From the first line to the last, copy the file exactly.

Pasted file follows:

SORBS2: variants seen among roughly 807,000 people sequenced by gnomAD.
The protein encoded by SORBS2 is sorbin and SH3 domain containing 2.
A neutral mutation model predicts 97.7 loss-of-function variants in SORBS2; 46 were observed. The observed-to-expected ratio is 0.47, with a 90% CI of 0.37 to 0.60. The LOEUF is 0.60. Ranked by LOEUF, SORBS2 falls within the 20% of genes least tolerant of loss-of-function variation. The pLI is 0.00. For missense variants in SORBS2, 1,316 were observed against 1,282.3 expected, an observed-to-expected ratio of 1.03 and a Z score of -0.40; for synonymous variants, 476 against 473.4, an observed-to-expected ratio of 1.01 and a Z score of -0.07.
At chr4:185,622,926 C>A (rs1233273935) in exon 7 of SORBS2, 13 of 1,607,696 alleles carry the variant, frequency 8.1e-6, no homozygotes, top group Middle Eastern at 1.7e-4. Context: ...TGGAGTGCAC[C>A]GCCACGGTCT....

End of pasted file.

SORBS2: variants seen among roughly 807,000 people sequenced by gnomAD.
The protein encoded by SORBS2 is sorbin and SH3 domain containing 2.
A neutral mutation model predicts 97.7 loss-of-function variants in SORBS2; 46 were observed. The observed-to-expected ratio is 0.47, with a 90% CI of 0.37 to 0.60. The LOEUF is 0.60. Ranked by LOEUF, SORBS2 falls within the 20% of genes least tolerant of loss-of-function variation. The pLI is 0.00. For missense variants in SORBS2, 1,316 were observed against 1,282.3 expected, an observed-to-expected ratio of 1.03 and a Z score of -0.40; for synonymous variants, 476 against 473.4, an observed-to-expected ratio of 1.01 and a Z score of -0.07.
At chr4:185,622,926 C>A (rs1233273935) in exon 7 of SORBS2, 13 of 1,607,696 alleles carry the variant, frequency 8.1e-6, no homozygotes, top group Middle Eastern at 1.7e-4. Context: ...TGGAGTGCAC[C>A]GCCACGGTCT....